Rapid digitisation across industries, integration of operational technologies (OT), increased inclusion of third parties in business functions and augmented focus on regulatory laws such as the General Data Protection Regulation (GDPR) have compelled chief information security officers (CISOs) to re-design cybersecurity strategies.
A cyber criminal’s ease of access to the dark web to use their networking forums, tools and even hire specialised services such as DDoS-as-a-Service, Ransomware-as-a-Service, Phishing-as-a-Service and many such service offerings easily available at cheap prices has enhanced their repertoire of ‘ready to be launched’ attacks. Addition of artificial intelligence (AI) into the arsenal has exponentially increased the complexity of the attacks.
As per recent industry reports, average cost of a data breach is nearly $4 million, and this notwithstanding the possible regulatory penalties which can severely dent the organisation’s bottom line besides dampening its reputation.
All these thus require the CISO to be steps ahead of cyber criminals and their attacks.
In the midst of adopting one or more of the following four vectors of business enablers – on premise, mobile, cloud and IoT – chief information officers (CIOs) and CISOs are required to draw a fine line between business agility and cybersecurity. Whilst it might be easier to brick-wall unwarranted exposures in the name of cybersecurity, it could in turn cause heartaches to the business which is strongly focused on improving its books. While business leaders seek speed and agility it is vital to assure them that the organisation has the necessary cybersecurity controls to ensure business agility with security.
Since the ransomware outbreak in 2017, cybersecurity has been a constant feature in all board conversations as well as amongst “Top 5 Risks” lists all the time. A recent survey conducted by Infosys covering over 800 Executives across 12 key industries revealed that cybersecurity is a common concern with respondents irrespective of their industry alignment. This is a reflection of the current trend of cyber criminals targeting enterprises across industries.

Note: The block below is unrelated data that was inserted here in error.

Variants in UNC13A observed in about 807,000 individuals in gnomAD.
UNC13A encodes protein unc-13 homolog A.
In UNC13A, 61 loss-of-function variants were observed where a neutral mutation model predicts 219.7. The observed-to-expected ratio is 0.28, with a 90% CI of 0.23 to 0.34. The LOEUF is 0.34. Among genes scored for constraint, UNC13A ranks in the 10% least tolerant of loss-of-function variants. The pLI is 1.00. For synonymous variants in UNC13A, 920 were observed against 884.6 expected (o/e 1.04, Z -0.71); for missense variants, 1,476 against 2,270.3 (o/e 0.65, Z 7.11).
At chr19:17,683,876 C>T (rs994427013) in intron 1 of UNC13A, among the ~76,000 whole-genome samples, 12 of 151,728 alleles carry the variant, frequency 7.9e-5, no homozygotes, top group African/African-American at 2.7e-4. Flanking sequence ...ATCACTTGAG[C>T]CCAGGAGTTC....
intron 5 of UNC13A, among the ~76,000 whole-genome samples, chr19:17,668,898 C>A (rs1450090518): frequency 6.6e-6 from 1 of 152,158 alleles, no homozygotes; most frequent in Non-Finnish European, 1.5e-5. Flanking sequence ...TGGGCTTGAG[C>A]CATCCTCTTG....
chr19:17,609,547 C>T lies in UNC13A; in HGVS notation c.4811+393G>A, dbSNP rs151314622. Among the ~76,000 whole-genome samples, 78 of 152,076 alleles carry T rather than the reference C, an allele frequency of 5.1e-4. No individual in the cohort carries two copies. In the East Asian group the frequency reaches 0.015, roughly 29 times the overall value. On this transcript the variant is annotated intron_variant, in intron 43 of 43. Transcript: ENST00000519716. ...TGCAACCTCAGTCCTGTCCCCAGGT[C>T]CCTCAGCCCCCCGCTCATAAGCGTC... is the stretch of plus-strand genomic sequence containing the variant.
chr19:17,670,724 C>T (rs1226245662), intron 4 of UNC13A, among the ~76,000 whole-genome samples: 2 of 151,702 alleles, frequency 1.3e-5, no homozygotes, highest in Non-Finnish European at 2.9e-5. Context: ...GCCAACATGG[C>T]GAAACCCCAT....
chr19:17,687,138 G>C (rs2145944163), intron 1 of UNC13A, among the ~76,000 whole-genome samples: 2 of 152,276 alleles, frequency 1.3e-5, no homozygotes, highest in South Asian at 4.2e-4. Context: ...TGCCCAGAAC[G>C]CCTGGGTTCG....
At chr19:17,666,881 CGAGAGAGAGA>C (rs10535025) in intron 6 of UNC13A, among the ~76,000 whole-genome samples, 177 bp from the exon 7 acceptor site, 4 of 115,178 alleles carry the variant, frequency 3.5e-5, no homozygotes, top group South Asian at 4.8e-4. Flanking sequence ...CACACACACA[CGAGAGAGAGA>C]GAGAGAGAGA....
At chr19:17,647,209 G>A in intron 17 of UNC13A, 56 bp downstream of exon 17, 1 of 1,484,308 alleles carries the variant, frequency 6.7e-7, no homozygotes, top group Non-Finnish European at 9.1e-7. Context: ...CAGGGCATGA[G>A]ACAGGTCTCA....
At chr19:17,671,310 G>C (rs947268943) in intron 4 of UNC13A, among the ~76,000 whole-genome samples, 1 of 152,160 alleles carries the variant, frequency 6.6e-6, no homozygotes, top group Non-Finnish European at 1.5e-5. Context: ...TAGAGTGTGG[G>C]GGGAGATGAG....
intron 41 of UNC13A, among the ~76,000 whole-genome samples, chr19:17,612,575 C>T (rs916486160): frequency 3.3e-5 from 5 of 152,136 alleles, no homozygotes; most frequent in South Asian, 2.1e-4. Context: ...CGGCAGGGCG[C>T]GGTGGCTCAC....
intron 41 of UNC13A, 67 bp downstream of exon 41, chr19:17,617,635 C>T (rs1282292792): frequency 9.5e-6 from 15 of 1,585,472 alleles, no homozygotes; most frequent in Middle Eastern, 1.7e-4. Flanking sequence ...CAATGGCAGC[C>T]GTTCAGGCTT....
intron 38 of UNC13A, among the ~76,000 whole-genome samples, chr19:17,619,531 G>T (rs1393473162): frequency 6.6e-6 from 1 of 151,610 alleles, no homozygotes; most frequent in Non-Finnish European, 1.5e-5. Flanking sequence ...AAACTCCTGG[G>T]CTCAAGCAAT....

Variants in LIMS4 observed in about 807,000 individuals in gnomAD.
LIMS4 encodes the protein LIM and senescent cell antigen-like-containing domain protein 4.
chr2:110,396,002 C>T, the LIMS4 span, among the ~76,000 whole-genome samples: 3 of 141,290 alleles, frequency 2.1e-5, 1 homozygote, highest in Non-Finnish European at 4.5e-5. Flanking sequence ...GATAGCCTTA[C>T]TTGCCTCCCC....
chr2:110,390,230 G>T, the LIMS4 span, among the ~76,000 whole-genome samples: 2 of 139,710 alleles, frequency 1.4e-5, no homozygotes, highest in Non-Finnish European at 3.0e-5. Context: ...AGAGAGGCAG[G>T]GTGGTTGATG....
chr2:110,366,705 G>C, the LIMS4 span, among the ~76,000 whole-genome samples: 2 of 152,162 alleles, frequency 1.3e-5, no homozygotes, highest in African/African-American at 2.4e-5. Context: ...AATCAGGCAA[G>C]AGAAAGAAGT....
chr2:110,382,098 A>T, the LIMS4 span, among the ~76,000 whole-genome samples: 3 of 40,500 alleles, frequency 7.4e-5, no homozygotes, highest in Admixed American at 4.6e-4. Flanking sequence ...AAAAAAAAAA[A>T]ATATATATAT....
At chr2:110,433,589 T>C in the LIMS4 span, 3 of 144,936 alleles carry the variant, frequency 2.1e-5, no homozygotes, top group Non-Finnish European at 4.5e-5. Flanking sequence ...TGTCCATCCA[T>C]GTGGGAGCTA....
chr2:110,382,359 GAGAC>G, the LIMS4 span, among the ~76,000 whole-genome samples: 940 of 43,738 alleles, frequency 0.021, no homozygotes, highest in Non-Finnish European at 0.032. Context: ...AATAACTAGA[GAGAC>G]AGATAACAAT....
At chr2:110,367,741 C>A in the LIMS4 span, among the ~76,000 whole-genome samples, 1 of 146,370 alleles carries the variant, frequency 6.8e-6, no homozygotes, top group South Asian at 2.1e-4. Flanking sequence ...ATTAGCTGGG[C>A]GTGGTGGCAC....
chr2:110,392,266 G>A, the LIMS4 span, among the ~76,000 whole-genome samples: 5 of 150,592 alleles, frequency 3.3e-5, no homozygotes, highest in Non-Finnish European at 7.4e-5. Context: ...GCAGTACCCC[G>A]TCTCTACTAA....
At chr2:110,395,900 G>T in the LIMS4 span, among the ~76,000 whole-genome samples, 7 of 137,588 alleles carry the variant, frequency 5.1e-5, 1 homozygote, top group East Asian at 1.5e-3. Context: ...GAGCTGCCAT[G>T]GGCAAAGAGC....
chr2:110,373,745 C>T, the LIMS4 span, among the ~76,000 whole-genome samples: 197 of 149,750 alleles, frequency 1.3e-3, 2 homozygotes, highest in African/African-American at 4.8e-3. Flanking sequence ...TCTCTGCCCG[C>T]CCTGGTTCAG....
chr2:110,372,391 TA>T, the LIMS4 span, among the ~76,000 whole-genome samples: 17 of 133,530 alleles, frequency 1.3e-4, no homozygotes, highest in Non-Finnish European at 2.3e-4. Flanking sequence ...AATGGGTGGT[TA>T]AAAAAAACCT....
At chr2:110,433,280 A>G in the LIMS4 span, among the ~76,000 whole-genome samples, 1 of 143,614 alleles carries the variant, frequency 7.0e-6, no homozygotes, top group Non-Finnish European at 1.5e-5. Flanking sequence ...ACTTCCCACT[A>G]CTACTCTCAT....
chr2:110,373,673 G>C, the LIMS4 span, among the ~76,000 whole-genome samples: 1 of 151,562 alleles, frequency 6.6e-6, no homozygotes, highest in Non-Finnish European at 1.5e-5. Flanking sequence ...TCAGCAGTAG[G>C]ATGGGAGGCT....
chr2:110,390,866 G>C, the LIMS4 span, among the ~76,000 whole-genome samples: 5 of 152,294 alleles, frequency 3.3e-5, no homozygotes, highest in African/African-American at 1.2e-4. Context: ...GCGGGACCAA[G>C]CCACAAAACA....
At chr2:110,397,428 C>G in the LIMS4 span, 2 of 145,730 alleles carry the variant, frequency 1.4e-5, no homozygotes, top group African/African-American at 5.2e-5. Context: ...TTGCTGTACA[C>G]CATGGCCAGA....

In today’s hyperconnected and digitised world, cybersecurity has become an important strategic imperative owing to the sophistication of cybercrime. Digital businesses require complex and distributed interactions among people, applications and data — on-premise, off-premise, on mobile devices and in the cloud. The result is an increase in the attack surfaces that are hard to protect and defend. As the perimeter continues to diminish, visibility into the environment gets tougher. Operational Technology (OT) and the Internet of Things (IoT) massively expand the scope of security strategy and operations. When a massively distributed fleet of autonomous devices that can make decisions is combined, directly affecting the physical state of people and things, there is a considerable risk to manage. This issue is not limited to the CISO but needs the involvement and sponsorship of the leadership and the board.
Building a strong and secure core
Lack of knowledge of its crown jewels is one of the prime grey areas for any business as a deep understanding of this becomes the starting point to know what it should protect in the first place. For instance, a cybersecurity program for a healthcare organisation must include the mandatory regulatory compliance, similarly for an e-commerce business, its credit card data is the most critical information.
An enterprise must strategise on a strong cybersecurity framework that considers both present and future threats, lays out the investments required on people, processes and technology while facilitating a controlled cultural change. The board of an organisation must be invested in the cybersecurity program and the CISO must commit to relentless implementation and maintenance of policies, processes, procedures, standards and guidelines basis its risk exposure and appetite.